Expanding education for Rohingya refugee children in Bangladesh

UNICEF to further expand access to education for Rohingya children by introducing the Myanmar curriculum for 10,000 students on a pilot basis in the first half of the year

Karen Reidy
UNICEF learning centre in Kutupalong refugee camp, Cox's Bazar
10 February 2020

In 2020, UNICEF will enter a major new phase for education of Rohingya refugee children living in camps in Cox’s Bazar, Bangladesh, together with other humanitarian actors. Following a landmark decision by the Government of Bangladesh, UNICEF will further expand access to education by introducing the Myanmar curriculum on a pilot basis in the first half of the year.

The pilot will initially target 10,000 Rohingya students from grades six to nine. It will then be expanded to other grades in a phased manner. The pilot targets older children, who currently have less access to education compared with their younger counterparts. 

“Education takes people from the darkness and brings them into the light. “What drives me is the students’ ambition to learn,” said Rozina Aktar, a teacher for level 4 students.

Rohingya community’s desire for new curriculum

The introduction of the pilot follows the wishes of the Rohingya refugees and builds hope for their future by giving then access to education based on the Myanmar curriculum.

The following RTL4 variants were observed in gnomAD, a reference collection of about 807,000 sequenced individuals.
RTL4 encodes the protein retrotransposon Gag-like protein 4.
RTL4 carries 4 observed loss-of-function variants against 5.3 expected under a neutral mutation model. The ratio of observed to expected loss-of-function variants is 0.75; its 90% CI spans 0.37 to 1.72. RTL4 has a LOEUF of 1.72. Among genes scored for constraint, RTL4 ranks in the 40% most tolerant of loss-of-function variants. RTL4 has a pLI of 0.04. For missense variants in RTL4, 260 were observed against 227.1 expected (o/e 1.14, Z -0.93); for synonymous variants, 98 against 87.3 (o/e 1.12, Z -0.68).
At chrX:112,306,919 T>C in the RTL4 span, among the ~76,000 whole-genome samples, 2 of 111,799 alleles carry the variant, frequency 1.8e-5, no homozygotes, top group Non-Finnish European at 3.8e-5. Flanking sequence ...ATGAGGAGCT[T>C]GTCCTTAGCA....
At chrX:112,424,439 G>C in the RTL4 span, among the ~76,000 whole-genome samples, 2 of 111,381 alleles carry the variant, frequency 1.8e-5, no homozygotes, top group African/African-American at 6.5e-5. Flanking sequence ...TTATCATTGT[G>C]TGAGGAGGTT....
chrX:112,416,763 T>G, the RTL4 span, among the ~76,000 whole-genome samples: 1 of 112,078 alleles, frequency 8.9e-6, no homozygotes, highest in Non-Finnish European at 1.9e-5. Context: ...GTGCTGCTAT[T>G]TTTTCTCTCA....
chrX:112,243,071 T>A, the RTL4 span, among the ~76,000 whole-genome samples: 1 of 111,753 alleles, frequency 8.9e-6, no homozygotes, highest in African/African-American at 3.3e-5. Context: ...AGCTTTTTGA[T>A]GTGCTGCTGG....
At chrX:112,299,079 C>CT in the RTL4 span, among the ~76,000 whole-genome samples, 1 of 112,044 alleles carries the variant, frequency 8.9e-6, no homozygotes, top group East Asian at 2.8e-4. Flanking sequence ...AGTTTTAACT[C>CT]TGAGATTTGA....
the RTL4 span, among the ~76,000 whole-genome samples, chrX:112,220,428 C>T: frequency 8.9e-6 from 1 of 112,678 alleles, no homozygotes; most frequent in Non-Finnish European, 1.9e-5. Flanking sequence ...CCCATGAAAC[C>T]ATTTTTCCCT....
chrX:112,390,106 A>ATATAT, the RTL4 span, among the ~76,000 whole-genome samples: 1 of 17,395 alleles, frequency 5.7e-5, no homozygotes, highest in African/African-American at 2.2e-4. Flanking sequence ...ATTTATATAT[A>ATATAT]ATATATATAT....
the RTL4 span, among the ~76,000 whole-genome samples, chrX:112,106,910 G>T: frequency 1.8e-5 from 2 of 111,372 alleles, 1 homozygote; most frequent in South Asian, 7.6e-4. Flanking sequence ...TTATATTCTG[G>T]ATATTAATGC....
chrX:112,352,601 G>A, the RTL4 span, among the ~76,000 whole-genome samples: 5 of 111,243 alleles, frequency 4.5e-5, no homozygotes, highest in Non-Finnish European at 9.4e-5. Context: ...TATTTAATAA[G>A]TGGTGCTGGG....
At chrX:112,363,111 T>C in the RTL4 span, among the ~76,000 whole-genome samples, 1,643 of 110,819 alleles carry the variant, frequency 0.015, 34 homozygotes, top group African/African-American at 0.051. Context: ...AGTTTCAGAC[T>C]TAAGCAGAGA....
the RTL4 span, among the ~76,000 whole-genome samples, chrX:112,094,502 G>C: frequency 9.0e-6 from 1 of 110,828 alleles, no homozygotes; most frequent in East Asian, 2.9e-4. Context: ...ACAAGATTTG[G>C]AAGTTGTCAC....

It will also help Rohingya children reintegrate into the Myanmar education system and society when conditions become conducive for them to return to Myanmar in a voluntary, safe and dignified way.

315,000 children and adolescents study at over 3,200 learning centres

UNICEF currently provides informal education opportunities to 220,000 Rohingya children aged 4 to14 years based on a tailor-made curriculum called the Learning Competency Framework and Approach (LCFA). 

However, the majority of children (over 90 per cent) are learning LCFA levels 1 and 2, the equivalent of preprimary level up to grade 2 in a formal school system. Few Rohingya students have enough learning to study at the higher levels (LCFA levels 3 and 4), equivalent of grades 3 to 8, due to the poor status of their education in Rakhine State in Myanmar.

For the humanitarian Education Sector as a whole, there are 315,000 children and adolescents studying at over 3,200 learning centres (LCs) in the refugee camps, out of which over 70 per cent are enrolled in UNICEF-supported centres.

Children currently learn a total of five subjects; English, mathematics, Burmese, life skills for levels 1 and 2, in addition to science for levels 3 and 4.

Classes are run by one Bangladeshi teacher from the host community and one Burmese language instructor from the Rohingya community.

UNICEF supported learning centre
Rozina Aktar helps her students with their classwork in a UNICEF supported learning centre.

Education for adolescents

UNICEF also provides education and learning opportunities for older groups, with over 18,000 Rohingya adolescents aged 15 to 18 years receiving literacy, numeracy, life-skills and vocational skills training.

However, significant gaps remain. Adolescent-focused programmes must be scaled up to reach all 74,000 Rohingya adolescents aged 15 to 18 years.

Nur is a sixteen-year-old Rohingya girl participating in a skills development programme at a UNICEF supported Multi-purpose Child and Adolescent Centre. She is learning how to install and repair solar panels that are ubiquitous in the refugee camps.